Nurse Belgians and soldiers without charge

The Sonning and Woodley nurse who had volunteered to nurse wounded soldiers found that her own health wasn’t up to it. That was quite lucky for her normal employer. Nursing associations provided nursing care to local people in their own homes, and was a paid service with charitable status. Offering free care to servicemen and refugees was an unusual and patriotic step.

Thursday November 5th, 1914

Mrs Vaughan Williams had most kindly paid for 3 weeks and Mrs Drury Lavise for the 4th week of Nurse Bell’s services, thus saving the association all expenses, for which the very grateful thanks of the Committee were expressed. Nurse Mitchell had arrived on Tuesday October 6th and had taken charge of the District and had worked well. Nurse Andrews had broken down in health at the Military Hospital and had been released and had gone to her own home to recover, but after a rest had written to say she could return to tale up her District work again on Thursday November 3rd. Nurse Mitchell left on the morning of that day. The Committee were very glad to welcome her back….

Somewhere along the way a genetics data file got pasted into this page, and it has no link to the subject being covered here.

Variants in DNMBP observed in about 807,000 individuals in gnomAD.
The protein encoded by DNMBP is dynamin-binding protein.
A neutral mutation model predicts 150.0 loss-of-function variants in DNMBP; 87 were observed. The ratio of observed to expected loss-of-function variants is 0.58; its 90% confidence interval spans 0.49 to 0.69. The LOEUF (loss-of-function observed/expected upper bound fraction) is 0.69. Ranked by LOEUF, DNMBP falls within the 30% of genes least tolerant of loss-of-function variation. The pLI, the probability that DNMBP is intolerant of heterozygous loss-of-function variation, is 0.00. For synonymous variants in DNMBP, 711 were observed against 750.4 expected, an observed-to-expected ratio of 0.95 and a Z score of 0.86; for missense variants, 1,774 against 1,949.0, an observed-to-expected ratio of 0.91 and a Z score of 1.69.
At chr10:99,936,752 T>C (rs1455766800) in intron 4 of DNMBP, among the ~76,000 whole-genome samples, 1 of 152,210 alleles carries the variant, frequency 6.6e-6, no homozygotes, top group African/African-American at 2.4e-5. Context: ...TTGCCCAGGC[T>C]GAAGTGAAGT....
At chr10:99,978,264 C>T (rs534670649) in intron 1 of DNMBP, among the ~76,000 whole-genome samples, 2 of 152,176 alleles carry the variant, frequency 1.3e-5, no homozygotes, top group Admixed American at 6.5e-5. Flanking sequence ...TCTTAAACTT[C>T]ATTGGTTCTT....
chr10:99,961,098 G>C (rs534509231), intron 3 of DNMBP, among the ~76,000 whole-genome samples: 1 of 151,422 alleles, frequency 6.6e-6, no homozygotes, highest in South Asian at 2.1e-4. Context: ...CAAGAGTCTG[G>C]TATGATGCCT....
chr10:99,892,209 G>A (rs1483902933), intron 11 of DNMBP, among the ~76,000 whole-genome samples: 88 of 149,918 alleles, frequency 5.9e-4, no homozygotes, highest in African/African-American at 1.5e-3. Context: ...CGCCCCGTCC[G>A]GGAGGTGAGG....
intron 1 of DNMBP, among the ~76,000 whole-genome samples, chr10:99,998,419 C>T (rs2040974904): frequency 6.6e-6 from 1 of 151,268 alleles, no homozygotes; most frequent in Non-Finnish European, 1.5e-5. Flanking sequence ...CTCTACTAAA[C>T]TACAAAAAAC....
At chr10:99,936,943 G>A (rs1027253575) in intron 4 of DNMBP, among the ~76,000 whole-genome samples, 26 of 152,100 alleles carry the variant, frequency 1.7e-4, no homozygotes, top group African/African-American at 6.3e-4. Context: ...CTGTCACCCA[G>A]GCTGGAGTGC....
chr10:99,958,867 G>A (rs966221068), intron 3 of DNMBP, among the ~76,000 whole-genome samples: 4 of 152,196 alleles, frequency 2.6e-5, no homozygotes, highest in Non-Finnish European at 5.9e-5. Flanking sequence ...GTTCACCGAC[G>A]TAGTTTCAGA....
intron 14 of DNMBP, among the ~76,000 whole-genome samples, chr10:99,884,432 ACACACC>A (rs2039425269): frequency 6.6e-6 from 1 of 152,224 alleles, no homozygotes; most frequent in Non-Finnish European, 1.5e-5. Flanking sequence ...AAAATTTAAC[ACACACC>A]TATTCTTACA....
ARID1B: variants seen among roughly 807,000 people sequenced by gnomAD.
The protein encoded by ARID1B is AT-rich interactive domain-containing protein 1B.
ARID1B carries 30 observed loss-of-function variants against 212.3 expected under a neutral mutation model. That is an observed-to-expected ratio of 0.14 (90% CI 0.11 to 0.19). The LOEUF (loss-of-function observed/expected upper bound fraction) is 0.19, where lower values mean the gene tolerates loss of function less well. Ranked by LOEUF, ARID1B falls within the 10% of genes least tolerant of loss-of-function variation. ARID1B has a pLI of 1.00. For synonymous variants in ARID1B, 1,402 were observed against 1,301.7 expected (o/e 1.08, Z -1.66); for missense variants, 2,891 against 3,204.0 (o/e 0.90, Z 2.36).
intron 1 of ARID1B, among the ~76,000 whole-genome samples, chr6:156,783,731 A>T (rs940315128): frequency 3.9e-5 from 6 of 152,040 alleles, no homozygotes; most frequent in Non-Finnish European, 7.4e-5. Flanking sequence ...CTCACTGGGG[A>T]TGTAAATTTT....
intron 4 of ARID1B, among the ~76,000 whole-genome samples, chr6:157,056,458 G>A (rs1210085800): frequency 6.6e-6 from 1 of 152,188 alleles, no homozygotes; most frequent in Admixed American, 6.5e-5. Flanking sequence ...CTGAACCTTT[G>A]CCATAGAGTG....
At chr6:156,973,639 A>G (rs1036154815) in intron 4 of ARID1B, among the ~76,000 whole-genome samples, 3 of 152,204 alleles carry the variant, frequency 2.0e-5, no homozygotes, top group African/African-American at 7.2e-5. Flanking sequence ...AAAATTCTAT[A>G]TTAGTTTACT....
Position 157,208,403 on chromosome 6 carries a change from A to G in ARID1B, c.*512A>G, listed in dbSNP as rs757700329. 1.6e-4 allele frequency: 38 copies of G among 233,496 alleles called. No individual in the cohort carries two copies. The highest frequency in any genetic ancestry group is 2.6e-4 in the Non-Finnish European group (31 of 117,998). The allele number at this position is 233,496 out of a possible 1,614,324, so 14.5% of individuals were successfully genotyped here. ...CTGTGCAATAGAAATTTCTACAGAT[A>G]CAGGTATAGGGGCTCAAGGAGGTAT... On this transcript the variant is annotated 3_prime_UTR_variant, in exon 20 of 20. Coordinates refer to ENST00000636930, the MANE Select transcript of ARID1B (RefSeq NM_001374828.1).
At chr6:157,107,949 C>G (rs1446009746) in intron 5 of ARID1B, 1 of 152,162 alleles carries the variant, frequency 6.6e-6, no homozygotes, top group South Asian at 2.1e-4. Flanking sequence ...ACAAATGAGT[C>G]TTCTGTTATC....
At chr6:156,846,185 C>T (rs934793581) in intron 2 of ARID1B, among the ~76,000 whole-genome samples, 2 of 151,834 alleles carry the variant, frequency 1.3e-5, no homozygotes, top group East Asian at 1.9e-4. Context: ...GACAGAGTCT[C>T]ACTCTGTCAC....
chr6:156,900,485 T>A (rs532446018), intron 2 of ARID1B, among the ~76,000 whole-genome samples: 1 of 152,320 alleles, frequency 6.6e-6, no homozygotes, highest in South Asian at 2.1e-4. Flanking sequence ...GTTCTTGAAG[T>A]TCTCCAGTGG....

It was proposed by Mrs Christie Miller and seconded by Miss Deare that any Belgians or Soldiers and Sailors in either Sonning or Woodley should be nursed free.

Sonning and Woodley District Nursing Association minutes (D/QNA/SO1/1)